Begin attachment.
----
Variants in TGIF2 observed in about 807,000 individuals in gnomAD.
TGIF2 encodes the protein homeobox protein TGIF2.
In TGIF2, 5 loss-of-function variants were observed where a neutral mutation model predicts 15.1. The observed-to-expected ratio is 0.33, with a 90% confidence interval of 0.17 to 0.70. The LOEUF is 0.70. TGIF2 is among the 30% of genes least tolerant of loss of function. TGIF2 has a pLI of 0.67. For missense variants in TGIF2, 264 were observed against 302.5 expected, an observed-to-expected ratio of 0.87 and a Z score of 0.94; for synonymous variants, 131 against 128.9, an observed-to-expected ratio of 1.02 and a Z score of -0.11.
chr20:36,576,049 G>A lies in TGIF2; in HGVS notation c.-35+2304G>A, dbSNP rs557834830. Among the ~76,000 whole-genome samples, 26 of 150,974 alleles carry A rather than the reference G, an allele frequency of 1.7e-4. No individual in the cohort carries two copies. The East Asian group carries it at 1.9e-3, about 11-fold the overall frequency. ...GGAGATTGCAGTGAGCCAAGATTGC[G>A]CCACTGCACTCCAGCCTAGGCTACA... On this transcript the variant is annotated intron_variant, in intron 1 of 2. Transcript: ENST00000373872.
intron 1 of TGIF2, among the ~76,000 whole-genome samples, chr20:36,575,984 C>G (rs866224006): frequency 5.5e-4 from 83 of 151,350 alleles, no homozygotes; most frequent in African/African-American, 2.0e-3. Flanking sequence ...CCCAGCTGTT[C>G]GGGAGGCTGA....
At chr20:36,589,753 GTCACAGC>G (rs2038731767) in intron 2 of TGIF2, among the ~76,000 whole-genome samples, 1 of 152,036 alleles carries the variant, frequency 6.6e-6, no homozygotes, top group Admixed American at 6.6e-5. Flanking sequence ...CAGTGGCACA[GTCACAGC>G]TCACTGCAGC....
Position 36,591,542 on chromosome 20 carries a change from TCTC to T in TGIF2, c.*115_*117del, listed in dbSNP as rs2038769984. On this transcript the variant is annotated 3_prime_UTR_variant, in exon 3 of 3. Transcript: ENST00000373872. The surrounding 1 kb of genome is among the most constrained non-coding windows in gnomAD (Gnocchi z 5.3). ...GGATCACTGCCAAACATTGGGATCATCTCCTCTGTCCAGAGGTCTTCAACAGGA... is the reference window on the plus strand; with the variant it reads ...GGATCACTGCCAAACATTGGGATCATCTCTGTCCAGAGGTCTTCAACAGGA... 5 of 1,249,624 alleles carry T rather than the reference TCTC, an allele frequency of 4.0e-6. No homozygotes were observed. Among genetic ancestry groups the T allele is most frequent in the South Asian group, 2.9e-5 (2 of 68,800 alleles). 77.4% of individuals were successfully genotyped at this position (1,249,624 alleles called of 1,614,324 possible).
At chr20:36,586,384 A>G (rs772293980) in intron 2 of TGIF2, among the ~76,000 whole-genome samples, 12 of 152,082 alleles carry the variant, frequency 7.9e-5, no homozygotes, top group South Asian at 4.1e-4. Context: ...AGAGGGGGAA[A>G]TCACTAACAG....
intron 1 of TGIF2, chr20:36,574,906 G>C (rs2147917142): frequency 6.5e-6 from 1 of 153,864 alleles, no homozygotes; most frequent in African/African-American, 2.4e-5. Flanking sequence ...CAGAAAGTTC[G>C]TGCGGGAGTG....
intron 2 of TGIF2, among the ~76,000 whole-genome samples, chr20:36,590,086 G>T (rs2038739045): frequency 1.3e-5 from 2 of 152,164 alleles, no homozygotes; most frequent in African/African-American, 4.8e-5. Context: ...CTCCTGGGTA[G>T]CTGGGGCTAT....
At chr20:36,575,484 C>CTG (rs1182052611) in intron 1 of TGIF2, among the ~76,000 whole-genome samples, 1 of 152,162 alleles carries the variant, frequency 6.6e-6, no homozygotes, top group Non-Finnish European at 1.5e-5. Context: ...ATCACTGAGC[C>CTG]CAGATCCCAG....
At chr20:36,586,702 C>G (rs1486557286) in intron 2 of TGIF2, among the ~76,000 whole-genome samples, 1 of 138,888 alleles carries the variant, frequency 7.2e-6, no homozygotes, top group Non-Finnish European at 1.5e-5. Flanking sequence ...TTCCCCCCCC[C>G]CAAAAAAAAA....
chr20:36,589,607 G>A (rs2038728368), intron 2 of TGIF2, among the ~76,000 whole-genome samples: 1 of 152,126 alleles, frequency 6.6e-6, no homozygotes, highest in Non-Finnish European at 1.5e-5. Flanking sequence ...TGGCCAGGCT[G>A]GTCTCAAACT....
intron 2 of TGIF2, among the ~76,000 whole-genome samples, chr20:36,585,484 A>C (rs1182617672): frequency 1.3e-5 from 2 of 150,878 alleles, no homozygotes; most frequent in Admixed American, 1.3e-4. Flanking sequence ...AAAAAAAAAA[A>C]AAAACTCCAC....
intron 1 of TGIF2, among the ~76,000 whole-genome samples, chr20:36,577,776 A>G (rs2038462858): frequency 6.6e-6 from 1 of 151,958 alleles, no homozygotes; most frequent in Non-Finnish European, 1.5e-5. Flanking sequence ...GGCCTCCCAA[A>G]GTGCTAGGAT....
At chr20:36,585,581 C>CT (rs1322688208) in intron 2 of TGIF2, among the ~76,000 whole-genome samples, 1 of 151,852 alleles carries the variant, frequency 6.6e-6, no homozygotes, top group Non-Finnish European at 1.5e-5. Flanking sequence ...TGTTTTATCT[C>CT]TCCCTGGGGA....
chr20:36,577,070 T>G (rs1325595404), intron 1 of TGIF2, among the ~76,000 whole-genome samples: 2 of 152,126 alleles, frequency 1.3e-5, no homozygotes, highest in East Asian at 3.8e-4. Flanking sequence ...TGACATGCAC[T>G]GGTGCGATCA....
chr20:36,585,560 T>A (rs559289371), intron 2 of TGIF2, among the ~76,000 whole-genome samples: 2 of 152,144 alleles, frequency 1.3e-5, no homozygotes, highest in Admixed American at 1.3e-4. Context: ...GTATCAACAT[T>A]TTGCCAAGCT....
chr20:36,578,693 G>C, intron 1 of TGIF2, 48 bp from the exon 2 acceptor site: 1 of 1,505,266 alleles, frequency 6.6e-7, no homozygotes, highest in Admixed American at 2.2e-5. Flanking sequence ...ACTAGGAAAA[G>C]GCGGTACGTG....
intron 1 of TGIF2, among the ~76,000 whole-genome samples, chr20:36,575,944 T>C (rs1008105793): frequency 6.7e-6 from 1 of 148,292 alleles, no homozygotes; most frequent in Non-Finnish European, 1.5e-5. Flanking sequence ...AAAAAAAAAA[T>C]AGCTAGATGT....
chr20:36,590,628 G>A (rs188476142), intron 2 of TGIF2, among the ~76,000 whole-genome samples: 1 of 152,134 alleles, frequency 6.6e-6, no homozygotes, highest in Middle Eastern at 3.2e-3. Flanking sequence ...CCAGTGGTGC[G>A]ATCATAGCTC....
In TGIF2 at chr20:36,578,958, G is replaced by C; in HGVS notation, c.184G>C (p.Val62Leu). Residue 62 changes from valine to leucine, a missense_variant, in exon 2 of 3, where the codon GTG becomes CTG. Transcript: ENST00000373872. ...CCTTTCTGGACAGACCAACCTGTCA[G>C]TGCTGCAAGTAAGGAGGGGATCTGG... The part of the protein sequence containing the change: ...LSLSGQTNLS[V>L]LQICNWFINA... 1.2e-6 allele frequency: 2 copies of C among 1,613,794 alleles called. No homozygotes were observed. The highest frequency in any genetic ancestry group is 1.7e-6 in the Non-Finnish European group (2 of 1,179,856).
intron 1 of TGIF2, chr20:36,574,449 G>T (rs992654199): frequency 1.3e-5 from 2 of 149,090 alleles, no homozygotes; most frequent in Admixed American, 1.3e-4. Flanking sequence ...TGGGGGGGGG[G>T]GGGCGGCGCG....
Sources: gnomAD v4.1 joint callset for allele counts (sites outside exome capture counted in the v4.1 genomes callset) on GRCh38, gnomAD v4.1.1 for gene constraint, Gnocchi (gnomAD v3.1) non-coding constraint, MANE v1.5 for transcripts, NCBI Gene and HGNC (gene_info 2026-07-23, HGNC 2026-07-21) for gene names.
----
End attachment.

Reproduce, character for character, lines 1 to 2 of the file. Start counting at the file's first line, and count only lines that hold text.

Variants in TGIF2 observed in about 807,000 individuals in gnomAD.
TGIF2 encodes the protein homeobox protein TGIF2.